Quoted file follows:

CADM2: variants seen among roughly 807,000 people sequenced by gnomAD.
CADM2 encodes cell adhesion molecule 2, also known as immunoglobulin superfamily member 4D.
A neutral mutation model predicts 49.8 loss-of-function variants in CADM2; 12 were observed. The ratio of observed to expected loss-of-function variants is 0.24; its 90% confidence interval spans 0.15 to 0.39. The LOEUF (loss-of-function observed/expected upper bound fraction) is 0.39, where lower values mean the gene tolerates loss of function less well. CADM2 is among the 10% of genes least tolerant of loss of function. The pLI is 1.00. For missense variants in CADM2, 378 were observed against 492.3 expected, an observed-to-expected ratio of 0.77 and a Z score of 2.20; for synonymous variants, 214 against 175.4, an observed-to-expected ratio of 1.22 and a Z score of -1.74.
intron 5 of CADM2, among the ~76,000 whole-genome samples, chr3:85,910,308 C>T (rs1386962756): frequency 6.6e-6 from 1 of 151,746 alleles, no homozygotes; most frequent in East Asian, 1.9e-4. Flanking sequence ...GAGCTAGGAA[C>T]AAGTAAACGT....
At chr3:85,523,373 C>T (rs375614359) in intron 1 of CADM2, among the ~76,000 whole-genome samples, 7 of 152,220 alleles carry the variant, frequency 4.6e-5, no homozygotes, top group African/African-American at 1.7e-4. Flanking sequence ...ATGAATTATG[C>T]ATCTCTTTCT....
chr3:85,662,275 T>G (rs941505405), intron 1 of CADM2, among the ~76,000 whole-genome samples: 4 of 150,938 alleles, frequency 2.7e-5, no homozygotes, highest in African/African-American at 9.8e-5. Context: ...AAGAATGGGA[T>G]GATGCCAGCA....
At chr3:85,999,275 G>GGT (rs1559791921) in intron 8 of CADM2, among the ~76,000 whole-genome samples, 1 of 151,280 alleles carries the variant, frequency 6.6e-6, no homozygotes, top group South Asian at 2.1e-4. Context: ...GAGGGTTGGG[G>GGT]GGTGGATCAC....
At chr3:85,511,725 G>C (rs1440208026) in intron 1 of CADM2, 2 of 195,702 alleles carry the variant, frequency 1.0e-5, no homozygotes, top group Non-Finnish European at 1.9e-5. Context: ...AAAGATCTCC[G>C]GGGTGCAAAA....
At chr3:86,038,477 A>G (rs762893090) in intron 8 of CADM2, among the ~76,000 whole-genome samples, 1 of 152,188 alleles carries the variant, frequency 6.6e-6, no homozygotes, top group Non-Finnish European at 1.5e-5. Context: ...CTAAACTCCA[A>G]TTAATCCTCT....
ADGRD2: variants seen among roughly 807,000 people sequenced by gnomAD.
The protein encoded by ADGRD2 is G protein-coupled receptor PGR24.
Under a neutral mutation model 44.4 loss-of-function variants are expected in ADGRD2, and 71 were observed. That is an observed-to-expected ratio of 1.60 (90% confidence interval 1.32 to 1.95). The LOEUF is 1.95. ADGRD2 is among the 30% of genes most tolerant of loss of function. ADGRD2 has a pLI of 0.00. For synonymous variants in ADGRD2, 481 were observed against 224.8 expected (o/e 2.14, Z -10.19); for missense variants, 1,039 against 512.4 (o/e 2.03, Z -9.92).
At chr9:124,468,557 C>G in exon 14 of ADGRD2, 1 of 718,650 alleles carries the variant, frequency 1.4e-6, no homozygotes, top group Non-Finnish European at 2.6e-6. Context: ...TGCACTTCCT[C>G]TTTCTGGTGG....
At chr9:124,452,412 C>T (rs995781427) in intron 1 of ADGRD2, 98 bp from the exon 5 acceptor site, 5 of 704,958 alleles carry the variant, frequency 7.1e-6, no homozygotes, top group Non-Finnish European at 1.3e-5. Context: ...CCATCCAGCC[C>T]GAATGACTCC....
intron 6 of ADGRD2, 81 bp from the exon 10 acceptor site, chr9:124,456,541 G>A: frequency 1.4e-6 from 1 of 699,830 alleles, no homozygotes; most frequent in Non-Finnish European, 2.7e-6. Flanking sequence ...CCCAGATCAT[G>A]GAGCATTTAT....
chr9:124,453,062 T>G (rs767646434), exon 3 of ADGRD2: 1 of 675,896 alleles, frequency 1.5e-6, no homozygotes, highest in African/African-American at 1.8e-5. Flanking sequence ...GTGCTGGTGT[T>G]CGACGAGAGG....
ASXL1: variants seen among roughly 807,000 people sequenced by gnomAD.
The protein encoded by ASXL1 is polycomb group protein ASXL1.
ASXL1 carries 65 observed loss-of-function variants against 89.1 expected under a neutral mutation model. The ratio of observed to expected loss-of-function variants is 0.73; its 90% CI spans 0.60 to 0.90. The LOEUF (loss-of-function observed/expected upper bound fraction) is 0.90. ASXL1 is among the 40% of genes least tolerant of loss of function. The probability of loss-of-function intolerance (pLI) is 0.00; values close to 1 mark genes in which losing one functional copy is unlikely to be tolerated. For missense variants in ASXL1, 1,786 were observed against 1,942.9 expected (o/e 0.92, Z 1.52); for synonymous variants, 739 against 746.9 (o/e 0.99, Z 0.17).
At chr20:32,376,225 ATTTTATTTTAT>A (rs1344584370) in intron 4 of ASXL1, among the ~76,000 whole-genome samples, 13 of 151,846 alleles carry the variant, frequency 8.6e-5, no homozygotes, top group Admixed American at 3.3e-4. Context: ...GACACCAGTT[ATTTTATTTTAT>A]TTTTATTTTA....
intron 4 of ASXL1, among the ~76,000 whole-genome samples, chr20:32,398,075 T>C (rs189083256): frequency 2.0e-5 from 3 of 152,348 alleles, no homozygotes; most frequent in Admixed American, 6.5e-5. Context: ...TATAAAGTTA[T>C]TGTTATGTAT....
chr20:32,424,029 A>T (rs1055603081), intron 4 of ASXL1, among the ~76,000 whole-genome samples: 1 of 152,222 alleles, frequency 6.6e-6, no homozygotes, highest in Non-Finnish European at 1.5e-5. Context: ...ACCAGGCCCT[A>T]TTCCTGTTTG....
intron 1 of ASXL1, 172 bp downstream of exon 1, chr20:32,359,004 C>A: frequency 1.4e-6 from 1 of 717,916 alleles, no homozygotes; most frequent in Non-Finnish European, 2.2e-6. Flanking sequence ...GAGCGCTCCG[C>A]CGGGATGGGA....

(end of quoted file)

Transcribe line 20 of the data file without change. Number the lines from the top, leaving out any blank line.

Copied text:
At chr20:32,376,225 ATTTTATTTTAT>A (rs1344584370) in intron 4 of ASXL1, among the ~76,000 whole-genome samples, 13 of 151,846 alleles carry the variant, frequency 8.6e-5, no homozygotes, top group Admixed American at 3.3e-4. Context: ...GACACCAGTT[ATTTTATTTTAT>A]TTTTATTTTA....